The Toolkit can be found online. Additionally, on May 25, AoA and the National Consumer Law Center held a webinar on the Toolkit. View the PowerPoint Presentation, or listen to a recording of the webinar.
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LTCCC Releases Report on Care and Oversight of Assisted Living in New York
In May 2011, the Long Term Care Community Coalition (LTCCC) released a report entitled, "Care and Oversight of Assisted Living in New York State." The report looked at the array of assisted living options, including adult homes and enriched housing, in New York and analyzed 2002 to 2011 Department of Health data and ombudsman complaint data from 2006 to 2011. The report found several violations reoccur year after year in assisted living residences in the state, putting residents at risk. According to a LTCCC press release, the report indicates:
- "While the number of citations went down, the three areas most cited by the Department of Health have remained the same for nine years: resident care; medication and environmental issues.
- Medication issues are still rampant with almost a quarter of the medication citations repeats from previous years.
- Of the 86 facilities found to have endangered their residents during this time period 63 have been sanctioned; 20 cases are still pending, eight from three to five years ago.
- The mentally ill are still suffering. Even after the investigations of the early 2000's and the succeeding state workgroups, the impacted homes (adult homes with 25 percent or more mentally disabled) still have many problems. Department of Health surveyors are now finding twice as many violations in the impacted homes as the non-impacted homes."
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World Elder Abuse Awareness Day 2011 is June 15
The sixth Annual World Elder Abuse Awareness Day (WEAAD) is Wednesday, June 15, 2011. Sponsored by the International Network for the Prevention of Elder Abuse, WEEAD works to raise awareness of elder abuse as a public health and human rights issue. Throughout the world, abuse and neglect of older persons is largely under-recognized or treated as an unspoken problem. Show the world you care about ending elder abuse and neglect, and mark your calendars for June 15. Read More.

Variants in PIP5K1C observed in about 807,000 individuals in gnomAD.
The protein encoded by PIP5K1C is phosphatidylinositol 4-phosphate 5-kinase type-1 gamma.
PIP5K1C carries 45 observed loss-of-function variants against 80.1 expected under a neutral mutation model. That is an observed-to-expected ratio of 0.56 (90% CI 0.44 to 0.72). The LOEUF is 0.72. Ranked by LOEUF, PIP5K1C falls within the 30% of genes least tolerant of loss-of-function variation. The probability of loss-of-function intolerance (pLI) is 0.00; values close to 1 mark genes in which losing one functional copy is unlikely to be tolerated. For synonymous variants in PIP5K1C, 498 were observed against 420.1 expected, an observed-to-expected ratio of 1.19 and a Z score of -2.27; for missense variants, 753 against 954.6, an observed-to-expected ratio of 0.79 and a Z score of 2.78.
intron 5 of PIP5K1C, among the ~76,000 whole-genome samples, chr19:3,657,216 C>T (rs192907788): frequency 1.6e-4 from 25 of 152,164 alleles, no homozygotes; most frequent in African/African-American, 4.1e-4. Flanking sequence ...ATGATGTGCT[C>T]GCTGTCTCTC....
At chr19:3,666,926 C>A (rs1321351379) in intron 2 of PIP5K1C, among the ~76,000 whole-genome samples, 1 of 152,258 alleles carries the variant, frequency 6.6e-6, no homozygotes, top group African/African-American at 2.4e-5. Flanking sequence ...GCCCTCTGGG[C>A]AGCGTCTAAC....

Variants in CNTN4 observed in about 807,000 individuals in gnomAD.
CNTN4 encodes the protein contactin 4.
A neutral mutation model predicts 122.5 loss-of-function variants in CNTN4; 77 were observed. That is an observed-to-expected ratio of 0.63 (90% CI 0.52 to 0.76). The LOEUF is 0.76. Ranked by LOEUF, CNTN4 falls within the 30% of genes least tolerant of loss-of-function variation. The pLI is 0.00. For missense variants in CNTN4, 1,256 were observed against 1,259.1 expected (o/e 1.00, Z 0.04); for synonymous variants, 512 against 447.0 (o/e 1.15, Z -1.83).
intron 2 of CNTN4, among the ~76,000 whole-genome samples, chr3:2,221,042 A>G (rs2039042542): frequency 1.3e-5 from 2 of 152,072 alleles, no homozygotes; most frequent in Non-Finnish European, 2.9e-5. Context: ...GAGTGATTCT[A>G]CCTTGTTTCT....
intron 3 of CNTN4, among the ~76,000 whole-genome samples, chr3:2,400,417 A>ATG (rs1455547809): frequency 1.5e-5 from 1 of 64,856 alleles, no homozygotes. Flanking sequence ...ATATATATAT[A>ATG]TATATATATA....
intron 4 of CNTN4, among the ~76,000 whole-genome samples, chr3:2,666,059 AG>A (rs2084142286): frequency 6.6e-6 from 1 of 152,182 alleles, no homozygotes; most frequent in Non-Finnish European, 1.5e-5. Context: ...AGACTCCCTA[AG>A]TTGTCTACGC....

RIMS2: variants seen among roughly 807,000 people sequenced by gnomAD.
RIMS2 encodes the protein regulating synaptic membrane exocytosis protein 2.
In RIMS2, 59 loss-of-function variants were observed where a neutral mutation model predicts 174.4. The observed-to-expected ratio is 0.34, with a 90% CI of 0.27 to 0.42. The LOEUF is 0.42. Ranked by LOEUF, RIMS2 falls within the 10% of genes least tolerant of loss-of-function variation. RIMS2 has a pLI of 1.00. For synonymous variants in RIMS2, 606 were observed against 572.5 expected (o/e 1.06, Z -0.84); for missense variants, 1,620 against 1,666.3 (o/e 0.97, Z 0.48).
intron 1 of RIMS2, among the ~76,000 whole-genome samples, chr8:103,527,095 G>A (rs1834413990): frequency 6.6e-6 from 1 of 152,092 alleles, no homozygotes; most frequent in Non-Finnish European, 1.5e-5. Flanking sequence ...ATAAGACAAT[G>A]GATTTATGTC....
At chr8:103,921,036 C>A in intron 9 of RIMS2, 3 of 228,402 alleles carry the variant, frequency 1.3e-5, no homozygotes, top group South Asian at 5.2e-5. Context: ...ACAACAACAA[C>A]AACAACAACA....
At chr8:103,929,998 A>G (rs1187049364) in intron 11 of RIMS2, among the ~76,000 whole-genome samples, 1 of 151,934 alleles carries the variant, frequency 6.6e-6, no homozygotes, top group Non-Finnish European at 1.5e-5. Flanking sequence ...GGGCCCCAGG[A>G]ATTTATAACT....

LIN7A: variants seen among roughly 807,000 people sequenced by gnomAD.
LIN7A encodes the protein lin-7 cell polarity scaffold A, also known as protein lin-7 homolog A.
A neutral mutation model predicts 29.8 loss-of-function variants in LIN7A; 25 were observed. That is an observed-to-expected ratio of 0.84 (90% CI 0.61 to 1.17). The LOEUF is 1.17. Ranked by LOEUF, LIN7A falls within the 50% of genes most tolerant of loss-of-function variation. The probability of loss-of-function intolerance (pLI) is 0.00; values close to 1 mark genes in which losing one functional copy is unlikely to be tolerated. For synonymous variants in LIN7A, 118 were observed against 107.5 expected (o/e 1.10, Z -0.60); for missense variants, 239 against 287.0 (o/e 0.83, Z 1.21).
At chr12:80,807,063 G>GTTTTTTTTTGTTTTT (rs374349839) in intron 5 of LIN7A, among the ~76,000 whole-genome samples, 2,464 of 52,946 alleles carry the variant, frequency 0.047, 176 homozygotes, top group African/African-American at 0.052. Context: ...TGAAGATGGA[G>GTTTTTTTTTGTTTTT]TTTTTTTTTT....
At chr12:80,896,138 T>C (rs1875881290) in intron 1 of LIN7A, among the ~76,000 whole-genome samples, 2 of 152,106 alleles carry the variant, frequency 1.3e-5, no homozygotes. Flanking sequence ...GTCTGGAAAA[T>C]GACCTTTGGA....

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Six-Step Process to Develop and Maintain a Successful Elder Abuse Coalition
A recent National Center on Elder Abuse (NCEA) webcast entitled, "Successful Elder Abuse Coalitions Share Lessons Learned" featured a review of the NCEA Elder Justice Community Collaborations Project and presentations from leaders of three productive elder abuse coalitions.
The NCEA Elder Justice Community Collaborations Project was led by two members of the National Committee for the Prevention of Elder Abuse (NCPEA), Mary Lynn Kasunic and Dr. Pamela B. Teaster. The project sought to identify successful elder abuse coalitions and determine why those coalitions are effective in order to offer grants and training to build new elder abuse coalitions.
In order to locate active elder abuse coalitions, a 60-second survey was distributed through the National Association of States United for Aging and Disabilities (NASUAD) to 655 Area Agencies on Aging and 250 Title VI Grantees (agencies that provide services to Native Americans) asking if they participated in an elder abuse coalition.
The initial survey found 117 elder abuse coalitions and the project coordinators sent comprehensive surveys to those coalitions and received 57 responses. Of the 57 respondents, 26 of the elder abuse coalitions were deemed "effective." The team conducted two teleconferences with the 26 “effective” coalitions to gather more information about their best practices in forming and maintaining their coalition. Read more.